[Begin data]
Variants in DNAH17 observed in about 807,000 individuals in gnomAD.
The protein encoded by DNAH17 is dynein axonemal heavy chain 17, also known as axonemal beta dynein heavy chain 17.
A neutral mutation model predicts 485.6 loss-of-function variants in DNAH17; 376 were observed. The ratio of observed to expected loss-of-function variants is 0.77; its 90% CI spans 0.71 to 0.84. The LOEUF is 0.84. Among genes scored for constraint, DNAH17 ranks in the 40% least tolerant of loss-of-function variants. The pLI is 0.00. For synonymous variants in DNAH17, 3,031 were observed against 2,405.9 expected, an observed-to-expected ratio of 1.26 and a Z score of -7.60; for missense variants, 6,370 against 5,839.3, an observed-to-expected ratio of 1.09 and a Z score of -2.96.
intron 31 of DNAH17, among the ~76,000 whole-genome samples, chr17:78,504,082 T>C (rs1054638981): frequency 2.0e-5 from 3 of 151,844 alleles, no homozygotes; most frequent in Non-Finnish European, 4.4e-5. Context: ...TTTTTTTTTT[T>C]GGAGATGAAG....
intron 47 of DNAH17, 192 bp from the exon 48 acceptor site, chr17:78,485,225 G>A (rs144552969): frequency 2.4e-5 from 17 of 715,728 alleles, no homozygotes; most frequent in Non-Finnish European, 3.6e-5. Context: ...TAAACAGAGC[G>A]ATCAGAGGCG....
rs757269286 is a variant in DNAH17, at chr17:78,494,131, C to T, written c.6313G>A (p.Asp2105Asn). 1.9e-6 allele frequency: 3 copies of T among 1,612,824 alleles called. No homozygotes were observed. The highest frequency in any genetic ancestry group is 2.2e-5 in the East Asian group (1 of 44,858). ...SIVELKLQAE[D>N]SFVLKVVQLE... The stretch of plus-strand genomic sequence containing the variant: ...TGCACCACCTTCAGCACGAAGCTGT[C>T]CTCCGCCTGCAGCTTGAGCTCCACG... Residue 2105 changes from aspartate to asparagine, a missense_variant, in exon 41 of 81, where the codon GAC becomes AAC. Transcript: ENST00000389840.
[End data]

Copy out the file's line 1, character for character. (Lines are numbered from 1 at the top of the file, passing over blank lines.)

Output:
Variants in DNAH17 observed in about 807,000 individuals in gnomAD.